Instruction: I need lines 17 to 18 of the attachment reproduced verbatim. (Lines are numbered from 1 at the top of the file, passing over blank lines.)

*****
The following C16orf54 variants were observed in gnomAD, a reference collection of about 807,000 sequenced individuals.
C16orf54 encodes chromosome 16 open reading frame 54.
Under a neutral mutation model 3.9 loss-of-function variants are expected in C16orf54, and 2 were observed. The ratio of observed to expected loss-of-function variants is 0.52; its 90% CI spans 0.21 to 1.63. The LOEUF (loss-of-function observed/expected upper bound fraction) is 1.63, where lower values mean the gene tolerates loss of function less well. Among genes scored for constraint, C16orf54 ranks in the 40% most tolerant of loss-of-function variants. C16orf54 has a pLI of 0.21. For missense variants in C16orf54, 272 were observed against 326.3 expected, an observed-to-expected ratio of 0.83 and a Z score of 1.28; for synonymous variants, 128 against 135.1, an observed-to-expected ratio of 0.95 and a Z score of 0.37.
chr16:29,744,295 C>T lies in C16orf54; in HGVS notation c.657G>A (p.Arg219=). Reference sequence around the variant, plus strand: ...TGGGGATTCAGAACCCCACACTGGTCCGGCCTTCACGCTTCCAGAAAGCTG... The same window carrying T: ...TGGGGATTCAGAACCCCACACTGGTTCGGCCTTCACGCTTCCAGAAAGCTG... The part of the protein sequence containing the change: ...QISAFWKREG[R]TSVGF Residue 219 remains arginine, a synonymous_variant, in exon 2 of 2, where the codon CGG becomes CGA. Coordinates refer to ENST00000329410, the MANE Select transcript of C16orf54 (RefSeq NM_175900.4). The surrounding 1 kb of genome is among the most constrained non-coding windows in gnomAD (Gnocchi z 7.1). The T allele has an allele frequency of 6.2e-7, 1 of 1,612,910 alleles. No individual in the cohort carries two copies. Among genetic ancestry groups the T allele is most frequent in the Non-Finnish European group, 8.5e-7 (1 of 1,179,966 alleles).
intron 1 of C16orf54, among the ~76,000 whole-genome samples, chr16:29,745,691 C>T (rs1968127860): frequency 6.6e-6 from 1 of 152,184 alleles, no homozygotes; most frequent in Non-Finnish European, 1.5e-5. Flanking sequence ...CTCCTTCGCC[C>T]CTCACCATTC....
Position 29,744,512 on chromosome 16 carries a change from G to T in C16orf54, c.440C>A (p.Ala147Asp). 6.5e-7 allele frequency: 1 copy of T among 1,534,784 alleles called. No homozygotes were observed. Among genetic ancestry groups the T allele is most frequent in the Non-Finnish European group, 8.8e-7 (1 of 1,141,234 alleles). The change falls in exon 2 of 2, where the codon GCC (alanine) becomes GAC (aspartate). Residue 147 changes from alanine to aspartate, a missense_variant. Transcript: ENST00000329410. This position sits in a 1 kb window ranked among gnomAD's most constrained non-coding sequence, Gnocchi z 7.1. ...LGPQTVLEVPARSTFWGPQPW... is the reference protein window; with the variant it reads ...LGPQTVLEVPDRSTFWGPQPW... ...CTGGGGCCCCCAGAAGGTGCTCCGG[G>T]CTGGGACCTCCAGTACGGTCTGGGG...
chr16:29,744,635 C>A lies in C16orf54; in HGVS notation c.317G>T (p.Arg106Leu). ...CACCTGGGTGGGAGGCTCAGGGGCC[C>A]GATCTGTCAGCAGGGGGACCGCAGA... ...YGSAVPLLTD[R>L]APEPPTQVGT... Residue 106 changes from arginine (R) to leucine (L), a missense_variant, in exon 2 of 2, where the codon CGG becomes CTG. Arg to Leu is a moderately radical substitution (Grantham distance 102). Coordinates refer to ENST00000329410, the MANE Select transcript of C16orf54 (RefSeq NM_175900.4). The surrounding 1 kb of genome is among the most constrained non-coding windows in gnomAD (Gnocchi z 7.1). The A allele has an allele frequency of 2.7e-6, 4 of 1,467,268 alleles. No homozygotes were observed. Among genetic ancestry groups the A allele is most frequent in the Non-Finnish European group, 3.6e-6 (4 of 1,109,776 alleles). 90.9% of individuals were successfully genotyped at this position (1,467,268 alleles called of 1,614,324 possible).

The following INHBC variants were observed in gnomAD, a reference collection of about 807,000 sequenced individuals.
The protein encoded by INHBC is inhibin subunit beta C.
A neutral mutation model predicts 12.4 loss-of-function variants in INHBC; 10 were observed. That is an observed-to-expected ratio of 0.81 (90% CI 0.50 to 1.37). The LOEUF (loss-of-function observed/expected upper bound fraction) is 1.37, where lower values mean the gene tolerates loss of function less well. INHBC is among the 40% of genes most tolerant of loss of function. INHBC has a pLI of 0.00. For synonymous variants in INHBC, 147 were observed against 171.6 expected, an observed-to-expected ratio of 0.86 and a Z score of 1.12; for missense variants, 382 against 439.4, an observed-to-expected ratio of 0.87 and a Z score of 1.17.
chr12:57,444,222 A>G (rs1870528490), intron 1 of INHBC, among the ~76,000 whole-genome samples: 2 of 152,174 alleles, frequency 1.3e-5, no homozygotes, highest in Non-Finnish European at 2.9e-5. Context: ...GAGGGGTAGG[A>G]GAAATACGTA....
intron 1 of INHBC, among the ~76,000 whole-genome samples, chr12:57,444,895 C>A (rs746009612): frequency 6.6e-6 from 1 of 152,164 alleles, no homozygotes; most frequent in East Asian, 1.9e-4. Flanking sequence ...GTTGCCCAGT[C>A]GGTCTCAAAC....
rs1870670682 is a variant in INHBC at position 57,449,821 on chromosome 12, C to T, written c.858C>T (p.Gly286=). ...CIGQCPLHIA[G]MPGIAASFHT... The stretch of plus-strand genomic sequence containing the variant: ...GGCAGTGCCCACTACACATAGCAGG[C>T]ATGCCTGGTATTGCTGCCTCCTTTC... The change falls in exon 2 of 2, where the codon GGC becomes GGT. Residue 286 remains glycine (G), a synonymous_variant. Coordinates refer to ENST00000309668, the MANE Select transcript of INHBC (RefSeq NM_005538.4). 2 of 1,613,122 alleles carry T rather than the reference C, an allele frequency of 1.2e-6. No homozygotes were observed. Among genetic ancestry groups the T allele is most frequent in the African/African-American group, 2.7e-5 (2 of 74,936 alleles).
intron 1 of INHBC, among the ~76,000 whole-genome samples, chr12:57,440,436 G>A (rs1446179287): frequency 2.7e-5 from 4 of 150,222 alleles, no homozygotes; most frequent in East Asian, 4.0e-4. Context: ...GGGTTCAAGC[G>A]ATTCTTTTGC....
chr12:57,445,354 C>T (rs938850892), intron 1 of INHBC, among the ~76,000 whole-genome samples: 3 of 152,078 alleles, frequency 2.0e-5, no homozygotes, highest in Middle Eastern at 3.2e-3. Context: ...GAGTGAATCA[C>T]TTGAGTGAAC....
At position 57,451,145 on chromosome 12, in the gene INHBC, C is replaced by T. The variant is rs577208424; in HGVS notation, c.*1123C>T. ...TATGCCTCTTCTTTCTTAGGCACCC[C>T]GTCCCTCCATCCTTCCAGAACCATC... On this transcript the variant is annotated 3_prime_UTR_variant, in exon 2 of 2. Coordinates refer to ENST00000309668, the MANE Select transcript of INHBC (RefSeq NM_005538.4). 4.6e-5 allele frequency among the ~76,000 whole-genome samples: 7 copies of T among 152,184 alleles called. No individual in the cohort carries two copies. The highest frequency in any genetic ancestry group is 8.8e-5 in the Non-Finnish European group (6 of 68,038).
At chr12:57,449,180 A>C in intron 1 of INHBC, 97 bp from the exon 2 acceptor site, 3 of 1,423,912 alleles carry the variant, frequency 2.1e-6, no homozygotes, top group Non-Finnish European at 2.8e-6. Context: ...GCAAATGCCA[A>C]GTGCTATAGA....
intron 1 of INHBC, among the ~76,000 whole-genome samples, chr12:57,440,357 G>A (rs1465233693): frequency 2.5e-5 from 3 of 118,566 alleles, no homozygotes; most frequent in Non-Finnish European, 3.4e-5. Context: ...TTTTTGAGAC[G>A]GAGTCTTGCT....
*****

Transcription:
At chr12:57,449,180 A>C in intron 1 of INHBC, 97 bp from the exon 2 acceptor site, 3 of 1,423,912 alleles carry the variant, frequency 2.1e-6, no homozygotes, top group Non-Finnish European at 2.8e-6. Context: ...GCAAATGCCA[A>C]GTGCTATAGA....
intron 1 of INHBC, among the ~76,000 whole-genome samples, chr12:57,440,357 G>A (rs1465233693): frequency 2.5e-5 from 3 of 118,566 alleles, no homozygotes; most frequent in Non-Finnish European, 3.4e-5. Context: ...TTTTTGAGAC[G>A]GAGTCTTGCT....